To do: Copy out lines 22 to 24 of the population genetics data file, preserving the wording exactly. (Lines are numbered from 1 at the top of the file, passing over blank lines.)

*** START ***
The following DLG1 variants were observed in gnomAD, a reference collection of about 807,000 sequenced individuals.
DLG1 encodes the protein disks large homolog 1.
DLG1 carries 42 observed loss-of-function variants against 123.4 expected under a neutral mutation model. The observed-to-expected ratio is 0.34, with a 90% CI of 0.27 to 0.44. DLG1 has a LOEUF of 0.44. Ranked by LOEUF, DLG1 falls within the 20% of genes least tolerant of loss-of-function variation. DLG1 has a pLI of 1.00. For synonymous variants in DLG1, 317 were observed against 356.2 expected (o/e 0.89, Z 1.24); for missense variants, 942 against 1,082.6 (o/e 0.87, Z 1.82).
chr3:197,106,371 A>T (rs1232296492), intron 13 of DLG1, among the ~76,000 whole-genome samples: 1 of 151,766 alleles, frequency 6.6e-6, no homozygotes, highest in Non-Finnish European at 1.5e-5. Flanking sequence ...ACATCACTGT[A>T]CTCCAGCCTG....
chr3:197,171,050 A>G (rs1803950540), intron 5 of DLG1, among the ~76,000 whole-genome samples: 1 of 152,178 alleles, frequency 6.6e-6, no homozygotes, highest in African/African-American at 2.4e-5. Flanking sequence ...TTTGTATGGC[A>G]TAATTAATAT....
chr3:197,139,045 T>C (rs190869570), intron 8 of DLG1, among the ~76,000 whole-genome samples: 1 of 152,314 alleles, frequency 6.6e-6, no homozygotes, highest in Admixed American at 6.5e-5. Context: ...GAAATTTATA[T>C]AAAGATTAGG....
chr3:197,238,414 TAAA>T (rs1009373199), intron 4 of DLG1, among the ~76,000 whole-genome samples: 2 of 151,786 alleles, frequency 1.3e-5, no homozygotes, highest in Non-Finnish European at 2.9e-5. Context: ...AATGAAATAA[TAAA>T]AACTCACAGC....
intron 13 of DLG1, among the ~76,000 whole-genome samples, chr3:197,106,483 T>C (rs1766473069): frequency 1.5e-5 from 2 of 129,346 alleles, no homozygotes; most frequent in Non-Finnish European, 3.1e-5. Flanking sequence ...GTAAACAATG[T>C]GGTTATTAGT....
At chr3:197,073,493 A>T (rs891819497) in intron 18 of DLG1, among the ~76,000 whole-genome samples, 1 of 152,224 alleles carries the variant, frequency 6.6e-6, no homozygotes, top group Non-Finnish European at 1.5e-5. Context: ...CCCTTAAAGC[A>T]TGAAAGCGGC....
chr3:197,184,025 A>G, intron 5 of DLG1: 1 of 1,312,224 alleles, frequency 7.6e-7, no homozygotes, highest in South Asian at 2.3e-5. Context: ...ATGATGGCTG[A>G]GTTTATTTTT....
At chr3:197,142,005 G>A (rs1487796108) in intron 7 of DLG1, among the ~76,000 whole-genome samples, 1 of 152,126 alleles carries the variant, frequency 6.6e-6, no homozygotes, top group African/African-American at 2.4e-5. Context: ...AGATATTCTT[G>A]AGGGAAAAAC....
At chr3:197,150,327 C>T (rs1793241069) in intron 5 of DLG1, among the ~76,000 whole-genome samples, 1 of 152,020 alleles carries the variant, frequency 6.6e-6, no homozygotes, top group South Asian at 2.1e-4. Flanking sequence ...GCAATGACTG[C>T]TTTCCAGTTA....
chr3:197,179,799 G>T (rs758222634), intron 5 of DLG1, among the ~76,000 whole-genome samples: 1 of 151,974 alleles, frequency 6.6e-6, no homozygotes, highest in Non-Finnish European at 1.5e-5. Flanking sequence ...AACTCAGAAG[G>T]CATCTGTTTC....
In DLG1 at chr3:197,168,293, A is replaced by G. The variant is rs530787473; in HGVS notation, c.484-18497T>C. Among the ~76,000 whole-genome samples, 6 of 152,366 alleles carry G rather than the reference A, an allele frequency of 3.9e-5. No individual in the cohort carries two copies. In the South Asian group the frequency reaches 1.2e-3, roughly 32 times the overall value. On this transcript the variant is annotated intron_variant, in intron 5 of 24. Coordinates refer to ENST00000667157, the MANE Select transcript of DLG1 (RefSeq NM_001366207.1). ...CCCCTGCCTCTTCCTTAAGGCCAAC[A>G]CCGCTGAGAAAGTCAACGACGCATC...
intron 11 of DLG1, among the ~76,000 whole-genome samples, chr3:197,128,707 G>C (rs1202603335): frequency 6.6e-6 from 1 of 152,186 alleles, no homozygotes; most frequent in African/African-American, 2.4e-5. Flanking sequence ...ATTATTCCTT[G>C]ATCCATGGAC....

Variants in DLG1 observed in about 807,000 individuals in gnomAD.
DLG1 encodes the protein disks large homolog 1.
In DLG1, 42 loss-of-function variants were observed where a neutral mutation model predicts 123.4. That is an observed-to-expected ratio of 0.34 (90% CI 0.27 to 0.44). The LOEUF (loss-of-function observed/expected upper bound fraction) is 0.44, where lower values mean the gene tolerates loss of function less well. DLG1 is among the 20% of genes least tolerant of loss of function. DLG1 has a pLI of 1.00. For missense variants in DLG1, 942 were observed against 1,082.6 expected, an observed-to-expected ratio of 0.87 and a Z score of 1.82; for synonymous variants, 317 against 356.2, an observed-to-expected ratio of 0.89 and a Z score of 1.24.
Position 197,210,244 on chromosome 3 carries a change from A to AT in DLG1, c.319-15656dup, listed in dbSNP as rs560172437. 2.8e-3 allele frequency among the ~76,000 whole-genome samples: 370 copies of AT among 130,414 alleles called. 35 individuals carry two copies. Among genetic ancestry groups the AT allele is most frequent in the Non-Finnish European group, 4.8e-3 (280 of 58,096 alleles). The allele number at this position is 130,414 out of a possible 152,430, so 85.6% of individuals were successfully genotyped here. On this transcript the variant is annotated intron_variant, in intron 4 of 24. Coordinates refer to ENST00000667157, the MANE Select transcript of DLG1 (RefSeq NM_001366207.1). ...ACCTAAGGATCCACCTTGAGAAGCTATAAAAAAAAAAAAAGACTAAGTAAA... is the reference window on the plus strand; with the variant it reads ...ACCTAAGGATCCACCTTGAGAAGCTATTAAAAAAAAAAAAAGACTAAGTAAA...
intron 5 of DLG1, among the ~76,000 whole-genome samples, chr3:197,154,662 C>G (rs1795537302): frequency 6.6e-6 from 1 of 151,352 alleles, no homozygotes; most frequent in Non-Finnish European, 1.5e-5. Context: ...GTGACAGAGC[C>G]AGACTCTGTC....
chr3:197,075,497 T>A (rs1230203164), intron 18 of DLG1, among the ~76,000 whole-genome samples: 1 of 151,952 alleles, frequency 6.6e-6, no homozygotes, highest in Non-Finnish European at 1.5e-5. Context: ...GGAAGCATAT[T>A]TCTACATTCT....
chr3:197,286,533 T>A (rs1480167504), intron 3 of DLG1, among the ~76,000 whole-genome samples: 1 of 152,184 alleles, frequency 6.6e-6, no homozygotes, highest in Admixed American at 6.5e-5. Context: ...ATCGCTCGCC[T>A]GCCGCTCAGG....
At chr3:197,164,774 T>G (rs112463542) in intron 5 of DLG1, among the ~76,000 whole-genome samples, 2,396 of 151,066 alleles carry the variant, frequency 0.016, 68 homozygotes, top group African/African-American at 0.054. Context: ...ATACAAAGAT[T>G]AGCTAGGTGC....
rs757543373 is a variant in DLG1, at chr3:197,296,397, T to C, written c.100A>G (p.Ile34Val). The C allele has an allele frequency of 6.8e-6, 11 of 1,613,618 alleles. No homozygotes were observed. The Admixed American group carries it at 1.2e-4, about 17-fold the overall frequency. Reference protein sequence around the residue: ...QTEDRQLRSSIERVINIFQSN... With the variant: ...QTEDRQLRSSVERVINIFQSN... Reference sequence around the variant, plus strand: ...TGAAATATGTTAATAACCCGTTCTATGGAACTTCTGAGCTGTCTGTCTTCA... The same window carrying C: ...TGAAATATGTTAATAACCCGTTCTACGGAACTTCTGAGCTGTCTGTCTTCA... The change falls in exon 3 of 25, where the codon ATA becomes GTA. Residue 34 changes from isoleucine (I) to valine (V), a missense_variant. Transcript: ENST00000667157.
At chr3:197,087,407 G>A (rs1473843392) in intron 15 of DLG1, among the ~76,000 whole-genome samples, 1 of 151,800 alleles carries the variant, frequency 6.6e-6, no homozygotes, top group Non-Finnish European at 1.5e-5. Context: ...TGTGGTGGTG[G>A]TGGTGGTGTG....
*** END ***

chr3:197,286,533 T>A (rs1480167504), intron 3 of DLG1, among the ~76,000 whole-genome samples: 1 of 152,184 alleles, frequency 6.6e-6, no homozygotes, highest in Admixed American at 6.5e-5. Context: ...ATCGCTCGCC[T>A]GCCGCTCAGG....
At chr3:197,164,774 T>G (rs112463542) in intron 5 of DLG1, among the ~76,000 whole-genome samples, 2,396 of 151,066 alleles carry the variant, frequency 0.016, 68 homozygotes, top group African/African-American at 0.054. Context: ...ATACAAAGAT[T>G]AGCTAGGTGC....
rs757543373 is a variant in DLG1, at chr3:197,296,397, T to C, written c.100A>G (p.Ile34Val). The C allele has an allele frequency of 6.8e-6, 11 of 1,613,618 alleles. No homozygotes were observed. The Admixed American group carries it at 1.2e-4, about 17-fold the overall frequency. Reference protein sequence around the residue: ...QTEDRQLRSSIERVINIFQSN... With the variant: ...QTEDRQLRSSVERVINIFQSN... Reference sequence around the variant, plus strand: ...TGAAATATGTTAATAACCCGTTCTATGGAACTTCTGAGCTGTCTGTCTTCA... The same window carrying C: ...TGAAATATGTTAATAACCCGTTCTACGGAACTTCTGAGCTGTCTGTCTTCA... The change falls in exon 3 of 25, where the codon ATA becomes GTA. Residue 34 changes from isoleucine (I) to valine (V), a missense_variant. Transcript: ENST00000667157.